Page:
Volume 11, Blavatsky Collected Writings Page 102

“THOU SHALT NOT BEAR FALSE WITNESS . . .”

[Lucifer, Vol. IV, No. 19, March, 1889, p. 83]

The God-fearing and truth-speaking padris of India and their pals in England are once more at work. The bitter truths uttered by Mr. Wm. S. Caine in his Letters from India,* about the failure of Christian proselytizing in the East, have touched a sore place in the heart of the wily dissenters. As a result we find in the Methodist Times, a flat denial sprinkled with the spice of pious falsehoods of that which is a patent fact to everyone in, or out of, India.
The statement that instead of becoming Christian converts the educated youths of India join “the Brahmo, or the Arya Samaj, or become Theosophists” cut the “men of God” to the quick. Hence a cunning thrust in the direction of Theosophy—a thrust in the vacuum, of course—and a shower of pious misstatements. Says the Methodist Times: “since the publication by the Rev. G. Patterson . . . of the truth (?) about Mme. Blavatsky, theosophy has been little more than the butt and laughing stock of all India.” This is why, we must suppose, the number of the “Fellows of the T.S.”—since that failure of the Age, the attempt in The Christian College Magazine to expose those whom the meek missionaries hate and fear—has more than doubled in India, tripled in Europe, and quintupled in America? Alas for poor Yorick-Patterson! The attempt was speedily followed by an Address to the students of the same Christian College of Madras, who protested against the foul calumny. If the disproofs brought forward by the Methodists against Mr. Caine’s assertions are as truthful as this statement and those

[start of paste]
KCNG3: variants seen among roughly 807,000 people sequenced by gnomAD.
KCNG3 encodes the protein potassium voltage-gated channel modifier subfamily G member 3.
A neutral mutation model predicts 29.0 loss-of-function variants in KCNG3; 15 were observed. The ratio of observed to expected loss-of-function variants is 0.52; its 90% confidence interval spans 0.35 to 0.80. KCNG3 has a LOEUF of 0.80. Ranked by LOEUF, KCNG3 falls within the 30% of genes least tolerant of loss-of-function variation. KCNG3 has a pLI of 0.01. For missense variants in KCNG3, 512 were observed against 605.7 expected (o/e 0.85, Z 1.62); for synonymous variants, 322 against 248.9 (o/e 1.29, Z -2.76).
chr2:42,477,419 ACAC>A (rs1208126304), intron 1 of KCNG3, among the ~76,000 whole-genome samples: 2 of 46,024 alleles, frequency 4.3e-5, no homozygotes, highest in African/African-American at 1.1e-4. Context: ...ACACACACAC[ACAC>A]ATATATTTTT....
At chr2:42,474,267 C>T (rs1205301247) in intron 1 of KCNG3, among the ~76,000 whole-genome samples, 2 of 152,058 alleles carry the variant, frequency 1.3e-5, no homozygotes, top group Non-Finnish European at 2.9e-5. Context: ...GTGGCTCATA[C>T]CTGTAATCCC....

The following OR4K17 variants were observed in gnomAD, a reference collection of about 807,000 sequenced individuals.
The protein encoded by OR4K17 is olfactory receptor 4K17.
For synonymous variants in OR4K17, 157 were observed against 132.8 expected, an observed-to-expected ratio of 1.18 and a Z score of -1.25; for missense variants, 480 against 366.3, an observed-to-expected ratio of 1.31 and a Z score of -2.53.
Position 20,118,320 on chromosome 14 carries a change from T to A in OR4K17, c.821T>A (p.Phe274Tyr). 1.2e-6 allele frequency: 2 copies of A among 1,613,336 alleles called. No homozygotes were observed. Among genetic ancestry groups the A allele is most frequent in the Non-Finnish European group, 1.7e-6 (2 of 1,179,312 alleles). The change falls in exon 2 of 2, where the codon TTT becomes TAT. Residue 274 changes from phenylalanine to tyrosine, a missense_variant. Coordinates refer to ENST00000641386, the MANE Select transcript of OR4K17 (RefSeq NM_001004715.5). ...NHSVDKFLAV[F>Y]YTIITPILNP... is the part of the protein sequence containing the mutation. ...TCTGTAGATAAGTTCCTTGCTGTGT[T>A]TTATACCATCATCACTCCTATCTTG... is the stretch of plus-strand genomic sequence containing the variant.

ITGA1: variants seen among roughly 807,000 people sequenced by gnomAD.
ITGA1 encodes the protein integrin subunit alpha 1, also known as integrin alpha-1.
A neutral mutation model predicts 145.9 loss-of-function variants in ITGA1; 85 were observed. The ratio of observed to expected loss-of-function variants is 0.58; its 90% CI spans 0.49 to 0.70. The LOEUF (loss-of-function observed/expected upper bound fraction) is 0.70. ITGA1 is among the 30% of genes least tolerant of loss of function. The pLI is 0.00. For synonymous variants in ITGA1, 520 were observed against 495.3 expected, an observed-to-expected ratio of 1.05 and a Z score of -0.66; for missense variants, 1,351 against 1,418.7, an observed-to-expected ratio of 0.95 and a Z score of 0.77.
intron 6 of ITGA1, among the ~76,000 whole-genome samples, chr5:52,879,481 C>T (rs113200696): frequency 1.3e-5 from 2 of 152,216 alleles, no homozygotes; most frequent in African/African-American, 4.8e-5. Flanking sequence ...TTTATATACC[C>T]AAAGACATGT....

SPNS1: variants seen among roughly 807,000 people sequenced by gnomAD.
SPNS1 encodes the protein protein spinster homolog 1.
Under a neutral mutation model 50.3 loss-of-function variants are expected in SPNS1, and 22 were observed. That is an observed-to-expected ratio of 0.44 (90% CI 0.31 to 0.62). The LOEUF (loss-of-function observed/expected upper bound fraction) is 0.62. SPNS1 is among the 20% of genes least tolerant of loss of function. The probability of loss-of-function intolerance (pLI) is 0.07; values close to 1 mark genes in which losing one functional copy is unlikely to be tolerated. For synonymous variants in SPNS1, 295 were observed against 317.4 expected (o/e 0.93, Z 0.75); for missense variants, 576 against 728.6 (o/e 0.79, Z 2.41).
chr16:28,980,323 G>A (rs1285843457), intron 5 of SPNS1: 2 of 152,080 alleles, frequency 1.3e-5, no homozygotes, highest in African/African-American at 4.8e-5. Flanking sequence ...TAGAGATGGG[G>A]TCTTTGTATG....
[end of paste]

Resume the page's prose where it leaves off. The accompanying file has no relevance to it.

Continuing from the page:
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* [Most likely his Letters entitled “Young India” and published about 1889 in the Pall Mall Gazette.—Compiler.]
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others saying that Mme. B. was “compelled to become an exile from India,” and therefore “the T.S. rivals no longer Mormonism” (?!)—then Mr. Caine must feel secure. “Let God be true but every man a liar” is the Pauline precept carried out literally by most of the Missionary organs and those of the Methodists especially. Of course, if the necessity for missions at all “hath more abounded through my [their] lie,” what have the “infidels” to say? Perhaps, however, there are still a few genuine Christians left who may think otherwise. There are those who would prefer seeing the Indian padris—the white ants of religion—girding their loins to turn homeward rather than disgracing Christianity as they do. An honest infidel is surely preferable to a lying and slandering Missionary; and of such there is a terrible percentage among those who claim to do their Christian duty.

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